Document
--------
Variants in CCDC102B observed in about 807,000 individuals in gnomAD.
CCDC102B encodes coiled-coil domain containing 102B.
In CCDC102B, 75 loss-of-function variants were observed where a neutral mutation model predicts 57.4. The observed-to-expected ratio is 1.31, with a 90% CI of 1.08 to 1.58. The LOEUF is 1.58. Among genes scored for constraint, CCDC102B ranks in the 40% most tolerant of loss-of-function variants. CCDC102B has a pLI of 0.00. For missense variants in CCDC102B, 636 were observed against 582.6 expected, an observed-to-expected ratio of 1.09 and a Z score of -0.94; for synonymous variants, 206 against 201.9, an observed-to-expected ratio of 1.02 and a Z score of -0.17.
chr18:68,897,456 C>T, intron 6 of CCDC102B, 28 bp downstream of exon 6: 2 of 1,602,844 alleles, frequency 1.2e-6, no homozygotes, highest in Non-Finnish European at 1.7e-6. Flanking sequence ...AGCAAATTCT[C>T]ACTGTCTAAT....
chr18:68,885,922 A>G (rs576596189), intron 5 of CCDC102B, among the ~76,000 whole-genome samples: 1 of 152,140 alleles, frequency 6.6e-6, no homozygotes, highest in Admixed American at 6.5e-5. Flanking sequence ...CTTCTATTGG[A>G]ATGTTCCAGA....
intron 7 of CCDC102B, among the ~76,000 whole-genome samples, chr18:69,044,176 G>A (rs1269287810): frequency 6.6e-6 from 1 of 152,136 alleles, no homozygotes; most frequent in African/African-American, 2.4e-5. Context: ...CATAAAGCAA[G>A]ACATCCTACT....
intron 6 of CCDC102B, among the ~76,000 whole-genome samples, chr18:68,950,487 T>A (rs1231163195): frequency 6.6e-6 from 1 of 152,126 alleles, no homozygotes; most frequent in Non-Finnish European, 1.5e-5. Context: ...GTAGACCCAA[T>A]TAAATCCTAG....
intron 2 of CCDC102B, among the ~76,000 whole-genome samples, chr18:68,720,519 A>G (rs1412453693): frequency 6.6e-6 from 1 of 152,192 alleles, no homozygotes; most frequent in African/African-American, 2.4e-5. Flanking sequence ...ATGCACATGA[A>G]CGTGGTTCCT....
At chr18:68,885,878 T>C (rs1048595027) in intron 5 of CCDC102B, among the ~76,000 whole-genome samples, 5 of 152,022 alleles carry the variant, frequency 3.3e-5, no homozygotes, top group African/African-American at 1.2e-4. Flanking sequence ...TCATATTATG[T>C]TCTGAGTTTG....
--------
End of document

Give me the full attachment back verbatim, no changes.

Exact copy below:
Variants in CCDC102B observed in about 807,000 individuals in gnomAD.
CCDC102B encodes coiled-coil domain containing 102B.
In CCDC102B, 75 loss-of-function variants were observed where a neutral mutation model predicts 57.4. The observed-to-expected ratio is 1.31, with a 90% CI of 1.08 to 1.58. The LOEUF is 1.58. Among genes scored for constraint, CCDC102B ranks in the 40% most tolerant of loss-of-function variants. CCDC102B has a pLI of 0.00. For missense variants in CCDC102B, 636 were observed against 582.6 expected, an observed-to-expected ratio of 1.09 and a Z score of -0.94; for synonymous variants, 206 against 201.9, an observed-to-expected ratio of 1.02 and a Z score of -0.17.
chr18:68,897,456 C>T, intron 6 of CCDC102B, 28 bp downstream of exon 6: 2 of 1,602,844 alleles, frequency 1.2e-6, no homozygotes, highest in Non-Finnish European at 1.7e-6. Flanking sequence ...AGCAAATTCT[C>T]ACTGTCTAAT....
chr18:68,885,922 A>G (rs576596189), intron 5 of CCDC102B, among the ~76,000 whole-genome samples: 1 of 152,140 alleles, frequency 6.6e-6, no homozygotes, highest in Admixed American at 6.5e-5. Flanking sequence ...CTTCTATTGG[A>G]ATGTTCCAGA....
intron 7 of CCDC102B, among the ~76,000 whole-genome samples, chr18:69,044,176 G>A (rs1269287810): frequency 6.6e-6 from 1 of 152,136 alleles, no homozygotes; most frequent in African/African-American, 2.4e-5. Context: ...CATAAAGCAA[G>A]ACATCCTACT....
intron 6 of CCDC102B, among the ~76,000 whole-genome samples, chr18:68,950,487 T>A (rs1231163195): frequency 6.6e-6 from 1 of 152,126 alleles, no homozygotes; most frequent in Non-Finnish European, 1.5e-5. Context: ...GTAGACCCAA[T>A]TAAATCCTAG....
intron 2 of CCDC102B, among the ~76,000 whole-genome samples, chr18:68,720,519 A>G (rs1412453693): frequency 6.6e-6 from 1 of 152,192 alleles, no homozygotes; most frequent in African/African-American, 2.4e-5. Flanking sequence ...ATGCACATGA[A>G]CGTGGTTCCT....
At chr18:68,885,878 T>C (rs1048595027) in intron 5 of CCDC102B, among the ~76,000 whole-genome samples, 5 of 152,022 alleles carry the variant, frequency 3.3e-5, no homozygotes, top group African/African-American at 1.2e-4. Flanking sequence ...TCATATTATG[T>C]TCTGAGTTTG....